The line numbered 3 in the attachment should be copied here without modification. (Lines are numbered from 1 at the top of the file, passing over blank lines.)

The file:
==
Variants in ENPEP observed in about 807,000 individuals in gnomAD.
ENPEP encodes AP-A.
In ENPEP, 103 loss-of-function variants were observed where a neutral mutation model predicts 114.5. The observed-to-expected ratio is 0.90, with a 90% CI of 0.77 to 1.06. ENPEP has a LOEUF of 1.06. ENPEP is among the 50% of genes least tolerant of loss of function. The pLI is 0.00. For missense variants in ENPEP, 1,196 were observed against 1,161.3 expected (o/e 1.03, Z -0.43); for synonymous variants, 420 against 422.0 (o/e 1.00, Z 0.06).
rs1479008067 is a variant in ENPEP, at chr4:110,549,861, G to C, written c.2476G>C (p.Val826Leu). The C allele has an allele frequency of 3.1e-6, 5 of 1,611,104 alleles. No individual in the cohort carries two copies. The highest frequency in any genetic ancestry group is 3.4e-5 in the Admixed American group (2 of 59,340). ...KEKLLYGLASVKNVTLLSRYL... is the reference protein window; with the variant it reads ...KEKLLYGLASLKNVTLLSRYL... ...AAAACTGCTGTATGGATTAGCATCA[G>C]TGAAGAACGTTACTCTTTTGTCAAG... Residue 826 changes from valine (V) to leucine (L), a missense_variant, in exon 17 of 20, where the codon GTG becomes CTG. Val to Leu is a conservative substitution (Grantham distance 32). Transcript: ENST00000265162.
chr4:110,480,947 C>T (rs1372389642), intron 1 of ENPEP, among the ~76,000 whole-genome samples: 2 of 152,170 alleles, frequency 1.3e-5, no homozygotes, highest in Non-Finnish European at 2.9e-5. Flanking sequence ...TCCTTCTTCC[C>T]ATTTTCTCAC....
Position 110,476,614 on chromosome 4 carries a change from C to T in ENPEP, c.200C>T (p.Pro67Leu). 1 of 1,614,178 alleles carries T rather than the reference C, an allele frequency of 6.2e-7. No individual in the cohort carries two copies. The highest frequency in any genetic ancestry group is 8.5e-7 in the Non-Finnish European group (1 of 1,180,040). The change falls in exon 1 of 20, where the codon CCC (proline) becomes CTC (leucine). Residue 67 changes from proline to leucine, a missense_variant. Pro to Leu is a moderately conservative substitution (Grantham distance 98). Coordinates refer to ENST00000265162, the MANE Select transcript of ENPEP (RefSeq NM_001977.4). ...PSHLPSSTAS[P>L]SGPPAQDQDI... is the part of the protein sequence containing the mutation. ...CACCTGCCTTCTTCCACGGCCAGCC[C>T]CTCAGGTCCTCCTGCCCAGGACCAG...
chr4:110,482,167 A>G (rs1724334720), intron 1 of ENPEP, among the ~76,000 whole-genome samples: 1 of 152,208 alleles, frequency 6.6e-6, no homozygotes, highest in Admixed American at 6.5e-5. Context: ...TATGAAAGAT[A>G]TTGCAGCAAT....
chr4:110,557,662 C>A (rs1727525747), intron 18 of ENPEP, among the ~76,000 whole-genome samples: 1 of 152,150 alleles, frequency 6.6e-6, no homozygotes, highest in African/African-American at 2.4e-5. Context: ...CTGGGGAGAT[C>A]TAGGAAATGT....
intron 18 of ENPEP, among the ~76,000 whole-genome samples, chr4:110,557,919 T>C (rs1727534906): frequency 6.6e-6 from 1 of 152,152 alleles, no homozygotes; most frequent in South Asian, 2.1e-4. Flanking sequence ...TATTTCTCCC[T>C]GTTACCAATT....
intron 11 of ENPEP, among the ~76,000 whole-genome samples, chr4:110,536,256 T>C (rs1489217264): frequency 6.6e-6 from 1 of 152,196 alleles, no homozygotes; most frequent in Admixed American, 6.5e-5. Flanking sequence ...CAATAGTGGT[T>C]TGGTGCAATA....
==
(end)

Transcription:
In ENPEP, 103 loss-of-function variants were observed where a neutral mutation model predicts 114.5. The observed-to-expected ratio is 0.90, with a 90% CI of 0.77 to 1.06. ENPEP has a LOEUF of 1.06. ENPEP is among the 50% of genes least tolerant of loss of function. The pLI is 0.00. For missense variants in ENPEP, 1,196 were observed against 1,161.3 expected (o/e 1.03, Z -0.43); for synonymous variants, 420 against 422.0 (o/e 1.00, Z 0.06).